According to MLA style, you must have a Works Cited page at the end of your research paper. Works Cited page preparation and formatting is covered in chapter 5 of the MLA Handbook, and chapter 6 of the MLA Style Manual. All entries in the Works Cited page must correspond to the works cited in your main text.

    Basic Rules

    • Begin your Works Cited page on a separate page at the end of your research paper. It should have the same one-inch margins and last name, page number header as the rest of your paper.
    • Label the page Works Cited (do not underline the words Works Cited or put them in quotation marks) and center the words Works Cited at the top of the page.
    • Double space all citations, but do not skip spaces between entries.
    • List your sources alphabetically

    Books

    First or single author's name is written last name, first name. The basic form for a book citation is:

    Lastname, Firstname. Title of Book. Place of Publication: Publisher, Year of Publication.

      Book with One Author:  Examples

    Gleick, James. Chaos: Making a New Science. New York: Penguin Books, 1987.

    Henley, Patricia. The Hummingbird House. Denver: MacMurray, 1999.

    An essay or other work in an anthology (collection)

    Include the author, title of essay, title of anthology, editor of anthology, publishing information, and the page numbers of the essay.

    Example:

    More, Hannah.  “The Black Slave Trade.”  British Women Poets of the Romantic 

                Era.  Ed. Paula R. Feldman. Baltimore:  Johns Hopkins UP, 1997. 472-82.

    FILM 

    List films (in theaters or not yet on DVD or video) by their title. Include the name of the director, the film studio or distributor, and the release year. If relevant, list performer names after the director’s name. Use the abbreviation perf. to head the list. List film as the medium of publication. To cite a DVD or other video recording, see “Recorded Films and Movies” below.

    The Usual Suspects. Dir. Bryan Singer. Perf. Kevin Spacey, Gabriel Byrne, Chazz Palminteri, Stephen Baldwin, and Benecio del Toro. Polygram, 1995. Film.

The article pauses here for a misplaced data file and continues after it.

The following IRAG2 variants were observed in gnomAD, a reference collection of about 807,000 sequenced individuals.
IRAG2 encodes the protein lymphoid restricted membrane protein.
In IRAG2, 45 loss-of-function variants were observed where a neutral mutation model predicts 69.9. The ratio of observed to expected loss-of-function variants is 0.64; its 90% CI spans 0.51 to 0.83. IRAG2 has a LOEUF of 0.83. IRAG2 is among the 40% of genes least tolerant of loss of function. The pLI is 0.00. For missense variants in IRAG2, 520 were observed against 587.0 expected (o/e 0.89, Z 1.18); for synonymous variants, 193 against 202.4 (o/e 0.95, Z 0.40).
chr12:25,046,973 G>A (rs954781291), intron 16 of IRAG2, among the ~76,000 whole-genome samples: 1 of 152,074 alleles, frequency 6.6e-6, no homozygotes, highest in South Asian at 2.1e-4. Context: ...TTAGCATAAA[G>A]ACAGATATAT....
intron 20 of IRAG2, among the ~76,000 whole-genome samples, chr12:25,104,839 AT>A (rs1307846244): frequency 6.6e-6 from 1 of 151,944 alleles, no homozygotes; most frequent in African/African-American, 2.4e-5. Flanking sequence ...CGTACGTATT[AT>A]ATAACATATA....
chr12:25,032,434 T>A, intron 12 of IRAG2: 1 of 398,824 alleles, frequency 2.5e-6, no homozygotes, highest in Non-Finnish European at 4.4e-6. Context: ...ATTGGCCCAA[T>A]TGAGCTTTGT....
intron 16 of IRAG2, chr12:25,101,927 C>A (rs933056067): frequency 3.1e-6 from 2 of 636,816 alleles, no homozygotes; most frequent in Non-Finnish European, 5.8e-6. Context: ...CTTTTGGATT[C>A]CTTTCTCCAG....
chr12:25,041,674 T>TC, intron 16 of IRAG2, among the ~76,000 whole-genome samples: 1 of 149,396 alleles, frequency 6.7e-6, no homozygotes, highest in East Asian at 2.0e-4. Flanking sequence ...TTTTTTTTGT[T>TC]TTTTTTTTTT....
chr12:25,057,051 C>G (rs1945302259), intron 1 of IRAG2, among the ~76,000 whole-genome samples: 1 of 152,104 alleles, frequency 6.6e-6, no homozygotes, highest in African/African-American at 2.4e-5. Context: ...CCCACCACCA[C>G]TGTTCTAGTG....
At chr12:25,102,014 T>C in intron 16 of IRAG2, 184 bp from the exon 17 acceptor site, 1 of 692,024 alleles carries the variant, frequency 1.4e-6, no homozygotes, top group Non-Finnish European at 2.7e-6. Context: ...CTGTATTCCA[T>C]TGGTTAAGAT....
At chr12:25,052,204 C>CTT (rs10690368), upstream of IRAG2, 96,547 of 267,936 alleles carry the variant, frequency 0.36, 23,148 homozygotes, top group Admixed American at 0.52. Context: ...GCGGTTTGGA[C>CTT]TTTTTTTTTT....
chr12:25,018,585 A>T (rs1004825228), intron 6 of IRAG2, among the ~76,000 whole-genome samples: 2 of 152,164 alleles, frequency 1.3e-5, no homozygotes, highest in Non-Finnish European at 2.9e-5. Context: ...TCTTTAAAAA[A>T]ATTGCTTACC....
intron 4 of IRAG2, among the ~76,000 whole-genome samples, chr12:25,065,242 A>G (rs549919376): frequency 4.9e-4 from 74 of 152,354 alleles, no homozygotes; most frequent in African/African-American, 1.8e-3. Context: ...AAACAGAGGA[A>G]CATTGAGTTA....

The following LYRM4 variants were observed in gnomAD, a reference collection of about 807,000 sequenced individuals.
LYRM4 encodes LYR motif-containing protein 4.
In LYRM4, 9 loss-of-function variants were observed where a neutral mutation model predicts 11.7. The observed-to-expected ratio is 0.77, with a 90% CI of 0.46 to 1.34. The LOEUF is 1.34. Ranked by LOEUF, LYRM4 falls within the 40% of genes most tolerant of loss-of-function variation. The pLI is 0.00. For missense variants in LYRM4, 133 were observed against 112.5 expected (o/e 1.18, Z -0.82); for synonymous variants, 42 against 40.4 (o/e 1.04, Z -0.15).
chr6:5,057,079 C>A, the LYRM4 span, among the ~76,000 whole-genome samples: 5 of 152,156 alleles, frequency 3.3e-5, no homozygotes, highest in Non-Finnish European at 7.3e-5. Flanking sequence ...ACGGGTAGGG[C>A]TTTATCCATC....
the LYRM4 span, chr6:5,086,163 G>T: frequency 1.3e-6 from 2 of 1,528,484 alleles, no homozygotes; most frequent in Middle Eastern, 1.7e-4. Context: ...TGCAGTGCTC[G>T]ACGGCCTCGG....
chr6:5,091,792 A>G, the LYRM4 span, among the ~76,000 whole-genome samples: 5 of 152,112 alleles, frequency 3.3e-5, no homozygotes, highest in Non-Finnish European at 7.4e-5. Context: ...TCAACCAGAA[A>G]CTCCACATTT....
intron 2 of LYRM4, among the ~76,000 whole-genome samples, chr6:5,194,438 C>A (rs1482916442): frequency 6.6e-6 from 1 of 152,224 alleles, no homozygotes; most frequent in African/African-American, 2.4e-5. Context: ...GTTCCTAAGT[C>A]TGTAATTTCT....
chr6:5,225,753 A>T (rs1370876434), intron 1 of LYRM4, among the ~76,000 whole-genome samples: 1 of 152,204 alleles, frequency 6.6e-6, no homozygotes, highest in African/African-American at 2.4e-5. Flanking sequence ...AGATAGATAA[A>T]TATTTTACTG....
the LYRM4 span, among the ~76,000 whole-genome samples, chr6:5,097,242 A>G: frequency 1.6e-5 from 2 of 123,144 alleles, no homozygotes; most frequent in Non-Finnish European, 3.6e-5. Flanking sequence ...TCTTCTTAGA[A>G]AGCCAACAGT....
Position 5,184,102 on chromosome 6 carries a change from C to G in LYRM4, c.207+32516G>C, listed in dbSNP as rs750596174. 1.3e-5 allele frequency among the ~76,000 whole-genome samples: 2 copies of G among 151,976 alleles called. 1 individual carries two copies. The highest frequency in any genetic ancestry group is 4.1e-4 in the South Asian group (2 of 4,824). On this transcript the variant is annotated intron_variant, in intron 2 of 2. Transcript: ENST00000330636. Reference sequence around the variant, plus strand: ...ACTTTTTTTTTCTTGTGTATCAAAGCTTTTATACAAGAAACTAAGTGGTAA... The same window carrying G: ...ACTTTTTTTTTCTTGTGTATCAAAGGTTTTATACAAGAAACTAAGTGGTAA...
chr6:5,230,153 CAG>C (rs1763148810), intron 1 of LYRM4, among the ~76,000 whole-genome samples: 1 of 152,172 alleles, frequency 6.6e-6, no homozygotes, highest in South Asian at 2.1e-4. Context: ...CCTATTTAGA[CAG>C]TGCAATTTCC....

To emphasize specific performers (perf.) or directors (dir.), begin the citation with the name of the desired performer or director, followed by the appropriate abbreviation.

    Lucas, George, dir.Star Wars Episode IV: A New Hope. Twentieth Century Fox, 1977. Film.

     If you are using the film,Platoon, for your essay on War and Violence, cite it this way:

     Stone, Oliver, dir. Platoon.Orion Pictures, 1986. Film.

    Internet Site

    This can be a little complex, so be careful.  Generally, this is the format and order of the information you need to provide for your reader.

    Author’s name.  “Title of the Document.”  Information about print publication.     Information about electronic publication.  Access information.

    Example:

    Zeki, Semir.  “Artisitc Creativity and the Brain.”  Science 6 July 2001: 51-52. 

    Science Magazine.  2002. Amer. Assn. for the Advancement of Science.  24 Sept. 2002 http://www.sciencemag.org/cgi/contenct/full/293/5527/51>

    Ideally, the URL of the exact document you consulted should be given.  Sometimes, however, the URL of a document is so long and complicated that reproducing it invites mistakes and is inconvenient.  In this case, you can put the URL of the home page of the site.

    In the above entry there was information available as to where the article was first published (in print).  If your article was not previously published in print, this information won’t be available, so you will just list the Internet page and site information. 

    Don’t forget to include the date of access!!! (In the entry above, it is Sept. 24th.)

     

    If you have a source and you’re not sure how to cite it, let me know and we will consult my MLA Handbook so we can be sure that you get it right!!!

Last Modified on February 4, 2013